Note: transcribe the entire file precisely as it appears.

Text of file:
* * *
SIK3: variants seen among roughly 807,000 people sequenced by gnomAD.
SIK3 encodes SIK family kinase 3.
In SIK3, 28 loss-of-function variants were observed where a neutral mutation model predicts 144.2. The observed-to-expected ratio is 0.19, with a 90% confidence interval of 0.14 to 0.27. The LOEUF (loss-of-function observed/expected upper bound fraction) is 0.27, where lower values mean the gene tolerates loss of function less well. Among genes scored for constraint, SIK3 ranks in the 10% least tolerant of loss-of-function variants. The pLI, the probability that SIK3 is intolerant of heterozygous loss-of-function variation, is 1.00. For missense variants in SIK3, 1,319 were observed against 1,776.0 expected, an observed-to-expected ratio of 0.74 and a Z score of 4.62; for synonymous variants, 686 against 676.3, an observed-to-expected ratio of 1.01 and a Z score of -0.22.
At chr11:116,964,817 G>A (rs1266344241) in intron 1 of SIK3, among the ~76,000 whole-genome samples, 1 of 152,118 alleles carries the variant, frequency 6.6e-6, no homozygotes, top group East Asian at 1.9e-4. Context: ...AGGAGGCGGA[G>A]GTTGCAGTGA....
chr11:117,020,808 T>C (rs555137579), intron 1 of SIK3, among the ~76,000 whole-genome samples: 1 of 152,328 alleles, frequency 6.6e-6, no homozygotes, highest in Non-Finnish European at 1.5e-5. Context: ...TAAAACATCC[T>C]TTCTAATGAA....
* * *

SIK3: variants seen among roughly 807,000 people sequenced by gnomAD.
SIK3 encodes SIK family kinase 3.
In SIK3, 28 loss-of-function variants were observed where a neutral mutation model predicts 144.2. The observed-to-expected ratio is 0.19, with a 90% confidence interval of 0.14 to 0.27. The LOEUF (loss-of-function observed/expected upper bound fraction) is 0.27, where lower values mean the gene tolerates loss of function less well. Among genes scored for constraint, SIK3 ranks in the 10% least tolerant of loss-of-function variants. The pLI, the probability that SIK3 is intolerant of heterozygous loss-of-function variation, is 1.00. For missense variants in SIK3, 1,319 were observed against 1,776.0 expected, an observed-to-expected ratio of 0.74 and a Z score of 4.62; for synonymous variants, 686 against 676.3, an observed-to-expected ratio of 1.01 and a Z score of -0.22.
At chr11:116,964,817 G>A (rs1266344241) in intron 1 of SIK3, among the ~76,000 whole-genome samples, 1 of 152,118 alleles carries the variant, frequency 6.6e-6, no homozygotes, top group East Asian at 1.9e-4. Context: ...AGGAGGCGGA[G>A]GTTGCAGTGA....
chr11:117,020,808 T>C (rs555137579), intron 1 of SIK3, among the ~76,000 whole-genome samples: 1 of 152,328 alleles, frequency 6.6e-6, no homozygotes, highest in Non-Finnish European at 1.5e-5. Context: ...TAAAACATCC[T>C]TTCTAATGAA....